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An Alabama manufacturer won’t be required to reinstate 14 employees while the National Labor Relations Board considers whether they were illegally fired, a federal district court ruled June 2 ( McKinney ex rel. NLRB v. Citmed Corp. , 2017 BL 186643, S.D. Ala., No. 17-0234-KD-M, 6/2/17 ).
The decision shows that some courts will question the need to supplement the NLRB’s administrative remedies with an injunction even where the board has strong evidence of unfair labor practices.
The NLRB has reasonable cause to believe Citmed Corp. illegally fired employees for engaging in a brief strike against the company, Judge Kristi K. DuBose of the U.S. District Court for the Southern District of Alabama said. But the NLRB didn’t offer enough evidence to show the court should issue a preliminary injunction putting the employees back to work.
DuBose said the board failed to demonstrate that employees will move away if they are not promptly reinstated to their jobs. She also said there was also no specific evidence that the firings have had a “chilling effect” on other employees that requires immediate action by the court.
Sixteen Citmed machinists walked out of the medical product maker’s plant in September 2016 to protest a change in work rules, according to the court. The same day, Citmed told the workers they had violated its policy that employees should call in advance before missing work.
Citmed suspended the employees from working the following Monday, and when 14 of the workers used the day to picket the Alabama plant, Citmed fired them.
An NLRB regional director issued a complaint alleging the company’s action was unlawful retaliation for protected activity. The complaint will be heard in July by an administrative law judge.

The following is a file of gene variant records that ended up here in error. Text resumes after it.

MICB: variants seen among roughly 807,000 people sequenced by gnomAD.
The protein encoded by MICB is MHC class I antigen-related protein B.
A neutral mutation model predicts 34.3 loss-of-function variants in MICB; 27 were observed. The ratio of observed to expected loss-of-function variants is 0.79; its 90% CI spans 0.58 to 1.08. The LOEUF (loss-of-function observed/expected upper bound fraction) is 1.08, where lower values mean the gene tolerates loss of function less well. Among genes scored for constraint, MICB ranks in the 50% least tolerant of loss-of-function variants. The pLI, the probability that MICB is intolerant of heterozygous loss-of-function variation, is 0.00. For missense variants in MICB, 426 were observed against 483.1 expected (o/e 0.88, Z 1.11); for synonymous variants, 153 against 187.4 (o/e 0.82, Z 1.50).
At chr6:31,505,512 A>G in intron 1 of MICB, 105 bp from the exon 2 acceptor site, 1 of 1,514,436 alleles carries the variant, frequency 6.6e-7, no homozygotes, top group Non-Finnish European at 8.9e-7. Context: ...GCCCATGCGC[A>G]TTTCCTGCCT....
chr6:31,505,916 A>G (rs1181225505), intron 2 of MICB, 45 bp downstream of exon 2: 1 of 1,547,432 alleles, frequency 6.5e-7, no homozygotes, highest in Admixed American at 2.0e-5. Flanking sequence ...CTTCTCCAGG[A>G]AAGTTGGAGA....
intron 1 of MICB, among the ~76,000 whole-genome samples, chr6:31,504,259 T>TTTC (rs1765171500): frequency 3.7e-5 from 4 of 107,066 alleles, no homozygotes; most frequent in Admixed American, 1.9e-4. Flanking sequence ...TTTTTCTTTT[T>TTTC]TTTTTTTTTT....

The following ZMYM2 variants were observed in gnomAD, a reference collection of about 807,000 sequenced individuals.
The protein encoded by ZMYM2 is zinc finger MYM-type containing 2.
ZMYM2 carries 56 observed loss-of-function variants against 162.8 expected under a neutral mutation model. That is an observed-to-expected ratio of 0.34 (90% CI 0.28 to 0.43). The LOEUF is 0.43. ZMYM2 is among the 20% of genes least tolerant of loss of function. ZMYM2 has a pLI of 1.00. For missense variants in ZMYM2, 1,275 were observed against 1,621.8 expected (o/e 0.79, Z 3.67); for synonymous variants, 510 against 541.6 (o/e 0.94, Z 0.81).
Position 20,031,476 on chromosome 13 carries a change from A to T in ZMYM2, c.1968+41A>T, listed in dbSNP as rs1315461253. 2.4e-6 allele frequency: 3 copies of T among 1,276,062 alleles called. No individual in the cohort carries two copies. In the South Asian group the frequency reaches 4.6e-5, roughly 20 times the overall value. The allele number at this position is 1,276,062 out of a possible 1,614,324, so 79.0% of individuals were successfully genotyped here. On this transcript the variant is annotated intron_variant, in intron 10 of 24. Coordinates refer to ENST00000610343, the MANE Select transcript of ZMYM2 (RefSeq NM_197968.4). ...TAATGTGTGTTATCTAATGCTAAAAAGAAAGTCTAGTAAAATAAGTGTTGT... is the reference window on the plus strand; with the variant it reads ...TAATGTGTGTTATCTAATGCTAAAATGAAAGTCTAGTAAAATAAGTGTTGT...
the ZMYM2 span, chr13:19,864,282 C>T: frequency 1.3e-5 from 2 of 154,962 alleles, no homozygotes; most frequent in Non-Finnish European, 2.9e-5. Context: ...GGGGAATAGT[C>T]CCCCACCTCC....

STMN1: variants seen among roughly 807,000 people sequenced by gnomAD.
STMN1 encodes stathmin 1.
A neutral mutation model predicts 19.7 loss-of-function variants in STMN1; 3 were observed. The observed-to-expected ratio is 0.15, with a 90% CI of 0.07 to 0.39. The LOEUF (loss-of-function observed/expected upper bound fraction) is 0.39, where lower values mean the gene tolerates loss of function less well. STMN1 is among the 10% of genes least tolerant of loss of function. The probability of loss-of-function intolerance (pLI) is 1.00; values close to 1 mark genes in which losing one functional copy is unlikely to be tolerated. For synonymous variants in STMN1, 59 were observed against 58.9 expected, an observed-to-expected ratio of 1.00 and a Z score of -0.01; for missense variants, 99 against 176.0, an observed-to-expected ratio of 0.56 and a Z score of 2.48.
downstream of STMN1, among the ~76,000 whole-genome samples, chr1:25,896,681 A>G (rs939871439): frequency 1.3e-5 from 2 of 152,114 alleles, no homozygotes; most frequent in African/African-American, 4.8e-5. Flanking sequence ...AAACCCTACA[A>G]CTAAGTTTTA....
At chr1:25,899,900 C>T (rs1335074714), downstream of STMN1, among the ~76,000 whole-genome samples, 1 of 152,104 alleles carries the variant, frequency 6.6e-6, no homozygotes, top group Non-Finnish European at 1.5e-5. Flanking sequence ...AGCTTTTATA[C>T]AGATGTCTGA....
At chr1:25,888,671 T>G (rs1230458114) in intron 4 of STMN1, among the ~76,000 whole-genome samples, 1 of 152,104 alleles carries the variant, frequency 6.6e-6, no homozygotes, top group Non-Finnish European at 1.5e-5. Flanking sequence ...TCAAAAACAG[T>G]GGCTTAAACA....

The board authorized the regional director to seek a preliminary injunction under Section 10(j) of the National Labor Relations Act, which empowers courts to issue orders to prevent or remedy unfair labor practices during the NLRB’s often-lengthy administrative process.
Section 10(j) allows a federal court to grant a preliminary injunction when it is “just and proper,” but DuBose said the NLRB failed to make a case for such relief.
The NLRB argued that employees may scatter away from Citronelle, Ala., where the Citmed plant is located, if they aren’t offered reinstatement soon. The result, the board said, would be that Citmed would have successfully rid itself of employee activists. However, DuBose said the NLRB didn’t present evidence that any employee has moved away yet.
The board contended that Citmed’s treatment of the strikers has intimidated other employees, but DuBose said there was no showing that any employee has shied away from NLRA-protected activity because of the company’s actions.
A preliminary injunction under the NLRA, particularly one requiring interim reinstatement of employees, is an “extraordinary” measure, DuBose said. Such an injunction isn’t supported by the evidence.
An attorney for Citmed declined to comment on the court’s ruling.
NLRB attorney Beauford D. Pines in New Orleans represented the board. John W. Hargrove of Bradley Arant Boult Cummings LLP in Birmingham, Ala., represented Citmed Corp.
To contact the reporter on this story: Lawrence E. Dubé in Washington at firstname.lastname@example.org
Text of the order is available at http://www.bloomberglaw.com/public/document/McKinney_v_Citmed_Corp_No_170234KDM_2017_BL_186643_SD_Ala_June_02?doc_id=XCB491L0000N.
Copyright © 2017 The Bureau of National Affairs, Inc. All Rights Reserved.
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